Bryan Colangelo says the 76ers don't know when or if Markelle Fultz will play again this season.
"There always a chance that he's going to be out there soon," the team president of basketball operations said, "and there's a chance that's he not going to play this year. I can't answer that question, because we don't know the answer to that."
That's somewhat different from what Sixers coach Brett Brown has been saying. In various interviews, the coach said he expected Fultz to return this season.
Friday night's matchup against the New Orleans Pelicans at Wells Fargo Center will mark the 48th consecutive game that the first overall pick will miss because of what the team labeled right shoulder soreness and muscle imbalance. However, Fultz was cleared to resume all basketball activities on Dec. 9. He and the team are saying he had to fully relearn how to shoot because of the shoulder injury.
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The problems with his shooting form, though, also appear to be mental.
"Mental preparedness and overcoming an injury is part of any athlete, especially an elite athlete, overcoming a debilitating injury," Colangelo said. "It's been proven in studies that is a big component. All you have to do is talk to Ben (Simmons) and Joel (Embiid) and talk about what they've been through."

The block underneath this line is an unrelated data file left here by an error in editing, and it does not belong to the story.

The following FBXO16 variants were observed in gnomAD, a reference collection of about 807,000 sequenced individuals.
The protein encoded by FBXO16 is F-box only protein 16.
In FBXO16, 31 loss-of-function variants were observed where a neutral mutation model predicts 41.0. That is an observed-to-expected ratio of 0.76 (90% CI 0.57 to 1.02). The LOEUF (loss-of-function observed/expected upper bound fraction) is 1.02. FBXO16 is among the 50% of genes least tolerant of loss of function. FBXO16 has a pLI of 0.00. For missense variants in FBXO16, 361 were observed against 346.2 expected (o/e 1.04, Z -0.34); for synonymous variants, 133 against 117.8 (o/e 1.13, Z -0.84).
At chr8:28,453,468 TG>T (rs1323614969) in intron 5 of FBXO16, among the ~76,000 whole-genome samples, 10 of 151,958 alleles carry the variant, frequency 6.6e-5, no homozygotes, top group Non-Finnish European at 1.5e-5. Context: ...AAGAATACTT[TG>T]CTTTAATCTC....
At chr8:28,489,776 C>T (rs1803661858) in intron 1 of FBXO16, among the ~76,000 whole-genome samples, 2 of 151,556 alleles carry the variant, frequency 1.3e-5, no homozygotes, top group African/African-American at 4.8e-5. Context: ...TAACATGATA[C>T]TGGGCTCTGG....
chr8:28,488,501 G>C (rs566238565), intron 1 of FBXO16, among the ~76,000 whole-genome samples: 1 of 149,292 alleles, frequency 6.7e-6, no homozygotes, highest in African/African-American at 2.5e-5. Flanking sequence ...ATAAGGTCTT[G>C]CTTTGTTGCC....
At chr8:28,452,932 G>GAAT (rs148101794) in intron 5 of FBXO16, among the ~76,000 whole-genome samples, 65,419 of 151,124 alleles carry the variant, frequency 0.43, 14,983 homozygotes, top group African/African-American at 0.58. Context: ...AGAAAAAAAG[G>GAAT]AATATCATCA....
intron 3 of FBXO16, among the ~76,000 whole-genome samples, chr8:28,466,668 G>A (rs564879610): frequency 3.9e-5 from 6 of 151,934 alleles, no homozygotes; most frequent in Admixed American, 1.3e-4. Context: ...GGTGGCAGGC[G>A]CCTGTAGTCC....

Embiid was sidelined the first two seasons after two surgeries on his right foot. Then he played in only 31 games last season because of knee surgery and other ailments. Simmons, the first overall pick in 2016, missed all of last season after breaking his right foot on the final day of training camp.
"We are talking about a situation where someone is relearning how to shoot a basketball, and that was one of his elite skill sets," Colangelo said of Fultz. "That has to be frustrating.
"But overall, I think he's making great strides in every capacity. We are going to see a better Markelle Fultz because of it."
Right now, Fultz's shooting range doesn't extend beyond the paint. Colangelo said that's where you draw the line. Fultz can make anything instinctive going to the hole, he added.
"We talked about shot creation and some of the rise-ups," Colangelo said. "It's nice to see it coming along the way it is."